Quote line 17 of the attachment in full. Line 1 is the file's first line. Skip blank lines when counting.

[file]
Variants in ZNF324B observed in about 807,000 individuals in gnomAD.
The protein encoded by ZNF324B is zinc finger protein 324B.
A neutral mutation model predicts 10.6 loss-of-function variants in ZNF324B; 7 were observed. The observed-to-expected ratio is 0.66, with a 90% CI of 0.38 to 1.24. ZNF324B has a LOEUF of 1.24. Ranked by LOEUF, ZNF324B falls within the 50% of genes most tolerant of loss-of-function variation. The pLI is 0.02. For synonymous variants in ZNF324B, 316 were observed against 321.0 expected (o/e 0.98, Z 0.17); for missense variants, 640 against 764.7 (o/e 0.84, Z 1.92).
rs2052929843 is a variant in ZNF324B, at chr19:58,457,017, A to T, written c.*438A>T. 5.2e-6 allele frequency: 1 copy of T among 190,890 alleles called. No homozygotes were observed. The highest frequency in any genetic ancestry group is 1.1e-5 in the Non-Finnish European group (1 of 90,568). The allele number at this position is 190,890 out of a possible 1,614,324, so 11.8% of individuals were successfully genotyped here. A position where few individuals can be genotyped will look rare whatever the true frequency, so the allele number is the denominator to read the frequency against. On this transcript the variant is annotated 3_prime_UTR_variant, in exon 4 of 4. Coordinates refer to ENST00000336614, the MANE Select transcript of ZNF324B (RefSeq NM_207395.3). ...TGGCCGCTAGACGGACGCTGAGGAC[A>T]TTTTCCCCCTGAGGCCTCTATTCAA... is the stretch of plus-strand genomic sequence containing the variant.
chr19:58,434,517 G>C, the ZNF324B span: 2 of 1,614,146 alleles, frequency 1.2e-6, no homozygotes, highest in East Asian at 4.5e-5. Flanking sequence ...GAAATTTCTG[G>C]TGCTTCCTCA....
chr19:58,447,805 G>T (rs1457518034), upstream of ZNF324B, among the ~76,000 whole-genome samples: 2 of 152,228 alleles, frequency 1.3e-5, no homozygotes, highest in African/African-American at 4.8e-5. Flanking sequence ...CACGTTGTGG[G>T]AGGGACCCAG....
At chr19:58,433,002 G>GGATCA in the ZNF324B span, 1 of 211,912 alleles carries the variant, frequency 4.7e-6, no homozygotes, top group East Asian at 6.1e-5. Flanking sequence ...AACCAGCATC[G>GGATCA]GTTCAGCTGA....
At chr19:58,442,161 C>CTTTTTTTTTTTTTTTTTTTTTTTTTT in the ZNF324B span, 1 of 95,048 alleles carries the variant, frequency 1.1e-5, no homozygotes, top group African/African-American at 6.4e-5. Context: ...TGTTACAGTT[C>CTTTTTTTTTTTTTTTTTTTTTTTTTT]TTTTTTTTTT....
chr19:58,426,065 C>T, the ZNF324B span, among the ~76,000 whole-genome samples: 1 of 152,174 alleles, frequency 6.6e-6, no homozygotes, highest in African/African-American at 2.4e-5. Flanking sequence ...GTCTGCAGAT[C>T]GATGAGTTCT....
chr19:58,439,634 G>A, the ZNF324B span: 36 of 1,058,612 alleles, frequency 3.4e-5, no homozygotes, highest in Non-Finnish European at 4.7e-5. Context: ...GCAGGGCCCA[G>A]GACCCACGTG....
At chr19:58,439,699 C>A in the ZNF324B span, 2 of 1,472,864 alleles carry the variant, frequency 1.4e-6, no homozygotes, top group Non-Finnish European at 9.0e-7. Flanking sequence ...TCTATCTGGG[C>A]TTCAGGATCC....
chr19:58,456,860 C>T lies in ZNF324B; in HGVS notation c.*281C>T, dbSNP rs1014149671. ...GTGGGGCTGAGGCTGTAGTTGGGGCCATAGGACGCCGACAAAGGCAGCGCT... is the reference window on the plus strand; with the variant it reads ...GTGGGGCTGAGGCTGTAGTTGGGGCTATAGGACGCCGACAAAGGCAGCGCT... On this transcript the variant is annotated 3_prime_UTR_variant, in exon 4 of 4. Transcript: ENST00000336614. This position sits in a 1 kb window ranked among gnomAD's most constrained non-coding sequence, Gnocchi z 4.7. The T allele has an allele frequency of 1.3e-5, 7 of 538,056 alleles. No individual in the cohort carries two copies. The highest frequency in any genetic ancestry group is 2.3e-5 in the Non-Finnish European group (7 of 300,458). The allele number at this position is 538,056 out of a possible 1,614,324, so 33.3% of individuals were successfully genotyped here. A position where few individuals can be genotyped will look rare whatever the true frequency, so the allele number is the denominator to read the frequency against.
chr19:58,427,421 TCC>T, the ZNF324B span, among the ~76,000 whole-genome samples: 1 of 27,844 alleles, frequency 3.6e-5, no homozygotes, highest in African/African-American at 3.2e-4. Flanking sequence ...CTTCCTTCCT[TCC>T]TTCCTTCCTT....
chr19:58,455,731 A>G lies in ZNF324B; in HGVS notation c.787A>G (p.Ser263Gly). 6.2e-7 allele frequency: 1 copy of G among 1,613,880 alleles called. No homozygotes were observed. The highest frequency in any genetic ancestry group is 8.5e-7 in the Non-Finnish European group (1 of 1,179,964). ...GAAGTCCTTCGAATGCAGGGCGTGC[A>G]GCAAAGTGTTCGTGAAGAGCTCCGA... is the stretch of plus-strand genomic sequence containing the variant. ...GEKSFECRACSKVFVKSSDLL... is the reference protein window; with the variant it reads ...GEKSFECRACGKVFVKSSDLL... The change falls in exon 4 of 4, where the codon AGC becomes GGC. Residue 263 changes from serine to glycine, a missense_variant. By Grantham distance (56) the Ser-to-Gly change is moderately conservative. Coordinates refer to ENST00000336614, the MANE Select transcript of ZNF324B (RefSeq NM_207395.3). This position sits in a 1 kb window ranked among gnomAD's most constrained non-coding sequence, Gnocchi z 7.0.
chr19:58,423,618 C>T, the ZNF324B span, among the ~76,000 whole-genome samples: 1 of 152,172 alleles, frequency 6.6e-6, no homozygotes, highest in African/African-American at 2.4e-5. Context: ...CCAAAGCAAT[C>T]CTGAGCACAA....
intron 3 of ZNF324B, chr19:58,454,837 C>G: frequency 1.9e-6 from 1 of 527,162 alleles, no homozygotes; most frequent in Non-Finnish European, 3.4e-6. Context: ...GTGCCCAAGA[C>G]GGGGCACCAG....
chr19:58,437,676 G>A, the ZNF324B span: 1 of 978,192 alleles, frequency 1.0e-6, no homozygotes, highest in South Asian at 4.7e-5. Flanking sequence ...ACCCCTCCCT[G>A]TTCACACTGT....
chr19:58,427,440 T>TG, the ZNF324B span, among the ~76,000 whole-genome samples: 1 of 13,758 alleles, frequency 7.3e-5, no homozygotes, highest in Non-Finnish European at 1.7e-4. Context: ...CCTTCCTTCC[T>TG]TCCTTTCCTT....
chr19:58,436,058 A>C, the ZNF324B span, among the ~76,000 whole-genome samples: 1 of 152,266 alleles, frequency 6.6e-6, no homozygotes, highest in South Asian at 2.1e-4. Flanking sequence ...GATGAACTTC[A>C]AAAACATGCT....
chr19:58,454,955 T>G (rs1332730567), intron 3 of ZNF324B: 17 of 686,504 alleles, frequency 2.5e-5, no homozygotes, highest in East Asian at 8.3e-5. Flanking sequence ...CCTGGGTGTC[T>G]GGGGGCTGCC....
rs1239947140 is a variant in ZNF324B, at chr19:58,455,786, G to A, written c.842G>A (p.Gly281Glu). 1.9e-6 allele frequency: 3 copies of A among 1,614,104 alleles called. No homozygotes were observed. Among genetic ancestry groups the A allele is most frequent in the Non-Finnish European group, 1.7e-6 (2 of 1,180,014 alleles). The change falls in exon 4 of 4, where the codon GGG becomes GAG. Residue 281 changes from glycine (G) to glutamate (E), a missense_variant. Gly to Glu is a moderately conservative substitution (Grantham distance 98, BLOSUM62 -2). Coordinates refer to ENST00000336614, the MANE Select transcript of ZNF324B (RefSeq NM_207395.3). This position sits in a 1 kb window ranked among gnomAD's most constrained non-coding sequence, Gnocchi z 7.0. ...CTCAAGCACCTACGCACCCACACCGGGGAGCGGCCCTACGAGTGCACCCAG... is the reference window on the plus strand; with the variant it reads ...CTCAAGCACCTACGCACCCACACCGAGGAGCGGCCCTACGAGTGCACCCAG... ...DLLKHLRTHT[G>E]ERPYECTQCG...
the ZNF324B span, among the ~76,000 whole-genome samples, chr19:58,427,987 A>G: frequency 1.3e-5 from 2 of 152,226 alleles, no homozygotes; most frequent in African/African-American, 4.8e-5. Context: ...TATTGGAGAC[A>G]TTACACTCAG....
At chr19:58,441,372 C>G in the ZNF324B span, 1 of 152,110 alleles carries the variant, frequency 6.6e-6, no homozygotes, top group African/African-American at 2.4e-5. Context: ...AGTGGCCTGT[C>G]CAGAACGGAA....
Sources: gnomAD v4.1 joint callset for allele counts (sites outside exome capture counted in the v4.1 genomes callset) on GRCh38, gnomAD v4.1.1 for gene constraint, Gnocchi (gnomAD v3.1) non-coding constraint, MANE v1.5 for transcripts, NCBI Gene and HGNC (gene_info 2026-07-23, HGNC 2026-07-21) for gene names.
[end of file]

chr19:58,437,676 G>A, the ZNF324B span: 1 of 978,192 alleles, frequency 1.0e-6, no homozygotes, highest in South Asian at 4.7e-5. Flanking sequence ...ACCCCTCCCT[G>A]TTCACACTGT....